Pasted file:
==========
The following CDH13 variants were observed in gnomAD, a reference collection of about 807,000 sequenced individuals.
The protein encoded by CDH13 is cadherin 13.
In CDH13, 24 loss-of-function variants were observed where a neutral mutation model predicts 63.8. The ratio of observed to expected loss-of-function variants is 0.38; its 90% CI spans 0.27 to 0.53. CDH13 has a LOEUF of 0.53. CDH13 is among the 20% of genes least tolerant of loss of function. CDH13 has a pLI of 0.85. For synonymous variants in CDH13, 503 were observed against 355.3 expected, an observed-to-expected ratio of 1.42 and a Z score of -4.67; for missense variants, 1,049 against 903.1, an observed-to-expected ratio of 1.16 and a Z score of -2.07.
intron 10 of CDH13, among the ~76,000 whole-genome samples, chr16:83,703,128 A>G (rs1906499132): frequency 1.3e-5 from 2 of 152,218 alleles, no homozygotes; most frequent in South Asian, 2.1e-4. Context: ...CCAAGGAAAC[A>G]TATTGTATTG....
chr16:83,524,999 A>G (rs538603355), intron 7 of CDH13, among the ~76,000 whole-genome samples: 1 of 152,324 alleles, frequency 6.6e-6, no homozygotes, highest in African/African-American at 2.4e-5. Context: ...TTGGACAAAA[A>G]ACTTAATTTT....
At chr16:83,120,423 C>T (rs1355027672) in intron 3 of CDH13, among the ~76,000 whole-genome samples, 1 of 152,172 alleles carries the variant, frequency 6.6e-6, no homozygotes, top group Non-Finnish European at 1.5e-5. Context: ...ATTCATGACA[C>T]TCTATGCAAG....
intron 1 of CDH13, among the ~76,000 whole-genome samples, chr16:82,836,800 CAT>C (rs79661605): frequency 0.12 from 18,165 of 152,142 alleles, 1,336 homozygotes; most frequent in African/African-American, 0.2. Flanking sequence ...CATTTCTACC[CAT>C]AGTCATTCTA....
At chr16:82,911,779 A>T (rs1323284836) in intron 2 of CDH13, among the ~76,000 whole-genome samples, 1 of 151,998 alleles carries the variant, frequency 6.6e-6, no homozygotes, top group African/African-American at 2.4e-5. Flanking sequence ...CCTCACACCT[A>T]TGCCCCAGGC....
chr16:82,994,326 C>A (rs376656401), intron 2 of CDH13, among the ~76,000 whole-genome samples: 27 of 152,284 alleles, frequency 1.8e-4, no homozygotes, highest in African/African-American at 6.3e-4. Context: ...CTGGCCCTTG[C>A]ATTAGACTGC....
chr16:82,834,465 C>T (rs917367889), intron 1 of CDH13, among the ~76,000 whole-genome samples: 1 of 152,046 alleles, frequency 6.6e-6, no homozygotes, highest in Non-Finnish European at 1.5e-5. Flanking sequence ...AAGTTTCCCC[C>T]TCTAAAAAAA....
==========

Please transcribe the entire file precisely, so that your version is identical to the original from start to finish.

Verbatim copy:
The following CDH13 variants were observed in gnomAD, a reference collection of about 807,000 sequenced individuals.
The protein encoded by CDH13 is cadherin 13.
In CDH13, 24 loss-of-function variants were observed where a neutral mutation model predicts 63.8. The ratio of observed to expected loss-of-function variants is 0.38; its 90% CI spans 0.27 to 0.53. CDH13 has a LOEUF of 0.53. CDH13 is among the 20% of genes least tolerant of loss of function. CDH13 has a pLI of 0.85. For synonymous variants in CDH13, 503 were observed against 355.3 expected, an observed-to-expected ratio of 1.42 and a Z score of -4.67; for missense variants, 1,049 against 903.1, an observed-to-expected ratio of 1.16 and a Z score of -2.07.
intron 10 of CDH13, among the ~76,000 whole-genome samples, chr16:83,703,128 A>G (rs1906499132): frequency 1.3e-5 from 2 of 152,218 alleles, no homozygotes; most frequent in South Asian, 2.1e-4. Context: ...CCAAGGAAAC[A>G]TATTGTATTG....
chr16:83,524,999 A>G (rs538603355), intron 7 of CDH13, among the ~76,000 whole-genome samples: 1 of 152,324 alleles, frequency 6.6e-6, no homozygotes, highest in African/African-American at 2.4e-5. Context: ...TTGGACAAAA[A>G]ACTTAATTTT....
At chr16:83,120,423 C>T (rs1355027672) in intron 3 of CDH13, among the ~76,000 whole-genome samples, 1 of 152,172 alleles carries the variant, frequency 6.6e-6, no homozygotes, top group Non-Finnish European at 1.5e-5. Context: ...ATTCATGACA[C>T]TCTATGCAAG....
intron 1 of CDH13, among the ~76,000 whole-genome samples, chr16:82,836,800 CAT>C (rs79661605): frequency 0.12 from 18,165 of 152,142 alleles, 1,336 homozygotes; most frequent in African/African-American, 0.2. Flanking sequence ...CATTTCTACC[CAT>C]AGTCATTCTA....
At chr16:82,911,779 A>T (rs1323284836) in intron 2 of CDH13, among the ~76,000 whole-genome samples, 1 of 151,998 alleles carries the variant, frequency 6.6e-6, no homozygotes, top group African/African-American at 2.4e-5. Flanking sequence ...CCTCACACCT[A>T]TGCCCCAGGC....
chr16:82,994,326 C>A (rs376656401), intron 2 of CDH13, among the ~76,000 whole-genome samples: 27 of 152,284 alleles, frequency 1.8e-4, no homozygotes, highest in African/African-American at 6.3e-4. Context: ...CTGGCCCTTG[C>A]ATTAGACTGC....
chr16:82,834,465 C>T (rs917367889), intron 1 of CDH13, among the ~76,000 whole-genome samples: 1 of 152,046 alleles, frequency 6.6e-6, no homozygotes, highest in Non-Finnish European at 1.5e-5. Flanking sequence ...AAGTTTCCCC[C>T]TCTAAAAAAA....